Hosking Willis Architecture’s additions to ‘Fricourt’ has updated the much loved home to better reflect the owners' love of the environment, sustainable lifestyle and appreciation of the visual and performing arts.
As members of Sustainable Communities SA, the owners felt compelled to incorporate energy efficient and sustainable provisions within the design of the inner suburban Bungalow built by a Boer War veteran in 1915.
The main difficulty faced was incorporating sustainable design initiatives into a development that needed to meet certain budget requirements to qualify as an affordable housing development. This was mitigated by a willing client with a clear environmental conscious and desire to explore all sustainable design options and Hosking Willis Architecture's recognititon and understanding of affordable environmental design principles.
The existing dwelling faces approximately north west, so the addition opens out the south east. The 'blank' sides of the addition face north east and south west, which made it difficult to control solar loading and sunlight penetration. Extensive 3D modelling was undertaken to control solar access.
‘Fricourt’ minimises glazing to the south west and north east; and provides overhangs to windows facing north west. The high level windows allow sunlight to penetrate into the addition, which is on the southern side of the existing building.
A large veranda to the south side of the addition provides a covered outdoor space and protects the back of the building from the prevailing winter rain and wind. The veranda also provides a sheltered outdoor area that overlooks the garden and is protected from hot summer northerlies.
The project collects rainwater and stores it for re-use in the dwelling via the laundry and bathroom toilet. The tanks also provide water for the garden. Approximately 20,000L of water is stored across the site in eight rainwater tanks.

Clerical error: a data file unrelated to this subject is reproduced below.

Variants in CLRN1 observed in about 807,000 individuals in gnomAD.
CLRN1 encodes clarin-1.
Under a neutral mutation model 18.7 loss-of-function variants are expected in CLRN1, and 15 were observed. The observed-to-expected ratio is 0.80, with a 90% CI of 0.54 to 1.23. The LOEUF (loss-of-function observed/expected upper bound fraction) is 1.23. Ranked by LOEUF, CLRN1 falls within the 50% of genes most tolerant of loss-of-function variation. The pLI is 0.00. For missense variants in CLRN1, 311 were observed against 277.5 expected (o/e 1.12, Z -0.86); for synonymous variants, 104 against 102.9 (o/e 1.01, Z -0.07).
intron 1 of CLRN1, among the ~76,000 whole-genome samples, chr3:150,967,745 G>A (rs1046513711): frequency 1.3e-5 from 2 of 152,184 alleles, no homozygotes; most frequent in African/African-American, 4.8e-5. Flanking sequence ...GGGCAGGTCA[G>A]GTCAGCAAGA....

The design of the addition avoids the need for air-conditioning, with cross ventilation, insulation and ceiling fans maintaining a comfortable ambient temperature on most summer days. Heating is via hydronic in-floor pipes which are connected to a solar boosted gas boiler.
Addressing resource efficiency, the project uses locally sourced and fabricated building materials wherever possible minimising the embodied energy of building materials.
- High level windows for cross ventilation, daylight penetration and night purging of hot air
- Thermally efficient reverse brick veneer construction to most walls. Insulated double masonry wall to south west
- Sustainably sourced hardwood timber cladding to interior and exterior
- Natural bio-oil finish to timber
- Polished concrete floors throughout with hydronic heating
- The monolithic floor acts as a heat sink to absorb, store and radiate heat. Hydronic heating is connected to solar panels
- Double glazed and comfort plus glass
- Rainwater collected and reticulated to laundry, bathroom toilet and garden
- Ceiling fan for cooling - no air-conditioning is included in the additions
- LED light fittings throughout
- 3D modelling was used to minimise solar access to high level windows